Helbing Law Office Logo by Timothy Helbing located in Appleton, WI serving chapter 7 and chapter 13 bankruptcy

When your degree does not lead to a high paying job

Student loans seemed like a great idea when you first started college. You could pay for your tuition, graduate and earn enough money to make the payments. Unfortunately, you only have a six-month grace period before you have to make that first post-graduation payment. When you are earning entry-level wages and trying to pay rent and take care of your other living expenses, it can seem like an impossible task to keep up with your student loans.

If you are like most other students transitioning into the work-force full-time, you may already be at least $27,000 in debt. Making the interest payments alone is not going to get that debt paid down. Not making the minimum payments at all will send you into default. If you have student loans and you are struggling to handle the payments or are already in default, you may still have some options available. Read further to find more about what other graduates in Appleton are doing to deal with student loan debt.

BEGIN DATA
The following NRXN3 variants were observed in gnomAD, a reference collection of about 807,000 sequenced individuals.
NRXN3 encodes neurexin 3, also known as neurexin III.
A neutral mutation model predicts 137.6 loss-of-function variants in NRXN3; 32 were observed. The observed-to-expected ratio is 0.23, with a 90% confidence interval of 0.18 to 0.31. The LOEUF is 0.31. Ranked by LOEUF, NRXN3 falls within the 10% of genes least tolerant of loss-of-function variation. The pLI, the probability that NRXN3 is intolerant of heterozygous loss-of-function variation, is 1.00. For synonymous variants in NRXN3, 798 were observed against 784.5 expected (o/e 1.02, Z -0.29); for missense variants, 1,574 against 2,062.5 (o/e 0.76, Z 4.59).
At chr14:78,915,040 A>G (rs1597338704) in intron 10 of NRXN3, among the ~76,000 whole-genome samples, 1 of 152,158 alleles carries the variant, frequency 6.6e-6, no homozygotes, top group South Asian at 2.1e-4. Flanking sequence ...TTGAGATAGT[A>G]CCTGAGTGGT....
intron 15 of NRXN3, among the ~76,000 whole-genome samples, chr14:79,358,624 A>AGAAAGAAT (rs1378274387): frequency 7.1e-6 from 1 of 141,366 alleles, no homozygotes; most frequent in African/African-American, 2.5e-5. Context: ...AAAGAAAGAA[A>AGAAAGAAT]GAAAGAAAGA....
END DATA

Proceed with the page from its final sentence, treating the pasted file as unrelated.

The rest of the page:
Contact the lender

When you find yourself in a difficult financial position and cannot pay your student loans, the first thing you should do is contact the lender. Missing the payments will trigger aggressive calls from debt collectors and it will negatively affect your credit. Your lender may be able to offer you some options so that you stay in good standing while more effectively managing the debt.

Request a deferral

If you have federal student loans, you automatically have a six-month deferral from the time you finish your last class to start making payments. You may qualify for an additional deferral if you meet certain criteria. For example, if you are unemployed, in the military, attending graduate school, or still working on your degree on a part-time schedule, you might be able to get a deferral. However, while you do not have to make payments during a deferral period, the debt is still subject to interest charges during that time.

Apply for a 12-month forbearance

If the lender turns you down for a deferment, you may qualify for a forbearance. In order to qualify for this option, you have to be experiencing a serious financial burden. For example, if you have excessive expenses due to a major illness or injury, the lender might approve the forbearance.

After default

If you have already defaulted on your student loans, you still have options available. You can take steps to declare bankruptcy, consolidate your debt or try to complete a rehabilitation plan. The absolute worst thing you can do is nothing.

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